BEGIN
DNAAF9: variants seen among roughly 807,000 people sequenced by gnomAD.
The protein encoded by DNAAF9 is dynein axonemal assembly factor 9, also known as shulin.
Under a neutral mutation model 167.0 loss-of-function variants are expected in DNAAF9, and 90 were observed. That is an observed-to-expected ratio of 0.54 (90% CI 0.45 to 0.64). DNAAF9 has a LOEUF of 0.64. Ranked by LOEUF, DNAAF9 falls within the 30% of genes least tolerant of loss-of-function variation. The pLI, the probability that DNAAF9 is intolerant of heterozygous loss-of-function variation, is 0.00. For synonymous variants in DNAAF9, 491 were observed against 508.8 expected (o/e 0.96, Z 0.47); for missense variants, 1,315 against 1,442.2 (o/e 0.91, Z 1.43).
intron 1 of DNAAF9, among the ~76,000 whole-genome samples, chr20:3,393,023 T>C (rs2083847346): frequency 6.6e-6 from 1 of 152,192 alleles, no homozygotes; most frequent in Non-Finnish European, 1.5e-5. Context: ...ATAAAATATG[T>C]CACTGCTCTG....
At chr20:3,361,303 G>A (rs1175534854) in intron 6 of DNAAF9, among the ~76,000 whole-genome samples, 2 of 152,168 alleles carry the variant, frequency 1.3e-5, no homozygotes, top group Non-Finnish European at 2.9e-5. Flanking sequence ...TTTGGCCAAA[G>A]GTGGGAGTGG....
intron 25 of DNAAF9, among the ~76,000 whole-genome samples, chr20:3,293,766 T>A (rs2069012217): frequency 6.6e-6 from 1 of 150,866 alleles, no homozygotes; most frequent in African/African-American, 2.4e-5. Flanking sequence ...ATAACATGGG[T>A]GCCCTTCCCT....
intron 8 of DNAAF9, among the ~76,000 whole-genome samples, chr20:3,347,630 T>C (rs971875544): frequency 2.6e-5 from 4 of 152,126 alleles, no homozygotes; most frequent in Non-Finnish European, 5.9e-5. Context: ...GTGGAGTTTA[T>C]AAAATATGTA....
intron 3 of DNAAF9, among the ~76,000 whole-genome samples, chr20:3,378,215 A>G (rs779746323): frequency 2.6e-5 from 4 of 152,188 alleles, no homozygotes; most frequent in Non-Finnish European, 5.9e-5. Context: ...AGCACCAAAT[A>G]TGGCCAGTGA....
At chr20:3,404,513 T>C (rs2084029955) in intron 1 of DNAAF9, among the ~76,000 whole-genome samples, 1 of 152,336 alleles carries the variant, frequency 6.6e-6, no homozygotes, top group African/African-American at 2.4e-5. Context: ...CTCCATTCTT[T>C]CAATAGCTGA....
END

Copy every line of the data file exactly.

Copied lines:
DNAAF9: variants seen among roughly 807,000 people sequenced by gnomAD.
The protein encoded by DNAAF9 is dynein axonemal assembly factor 9, also known as shulin.
Under a neutral mutation model 167.0 loss-of-function variants are expected in DNAAF9, and 90 were observed. That is an observed-to-expected ratio of 0.54 (90% CI 0.45 to 0.64). DNAAF9 has a LOEUF of 0.64. Ranked by LOEUF, DNAAF9 falls within the 30% of genes least tolerant of loss-of-function variation. The pLI, the probability that DNAAF9 is intolerant of heterozygous loss-of-function variation, is 0.00. For synonymous variants in DNAAF9, 491 were observed against 508.8 expected (o/e 0.96, Z 0.47); for missense variants, 1,315 against 1,442.2 (o/e 0.91, Z 1.43).
intron 1 of DNAAF9, among the ~76,000 whole-genome samples, chr20:3,393,023 T>C (rs2083847346): frequency 6.6e-6 from 1 of 152,192 alleles, no homozygotes; most frequent in Non-Finnish European, 1.5e-5. Context: ...ATAAAATATG[T>C]CACTGCTCTG....
At chr20:3,361,303 G>A (rs1175534854) in intron 6 of DNAAF9, among the ~76,000 whole-genome samples, 2 of 152,168 alleles carry the variant, frequency 1.3e-5, no homozygotes, top group Non-Finnish European at 2.9e-5. Flanking sequence ...TTTGGCCAAA[G>A]GTGGGAGTGG....
intron 25 of DNAAF9, among the ~76,000 whole-genome samples, chr20:3,293,766 T>A (rs2069012217): frequency 6.6e-6 from 1 of 150,866 alleles, no homozygotes; most frequent in African/African-American, 2.4e-5. Flanking sequence ...ATAACATGGG[T>A]GCCCTTCCCT....
intron 8 of DNAAF9, among the ~76,000 whole-genome samples, chr20:3,347,630 T>C (rs971875544): frequency 2.6e-5 from 4 of 152,126 alleles, no homozygotes; most frequent in Non-Finnish European, 5.9e-5. Context: ...GTGGAGTTTA[T>C]AAAATATGTA....
intron 3 of DNAAF9, among the ~76,000 whole-genome samples, chr20:3,378,215 A>G (rs779746323): frequency 2.6e-5 from 4 of 152,188 alleles, no homozygotes; most frequent in Non-Finnish European, 5.9e-5. Context: ...AGCACCAAAT[A>G]TGGCCAGTGA....
At chr20:3,404,513 T>C (rs2084029955) in intron 1 of DNAAF9, among the ~76,000 whole-genome samples, 1 of 152,336 alleles carries the variant, frequency 6.6e-6, no homozygotes, top group African/African-American at 2.4e-5. Context: ...CTCCATTCTT[T>C]CAATAGCTGA....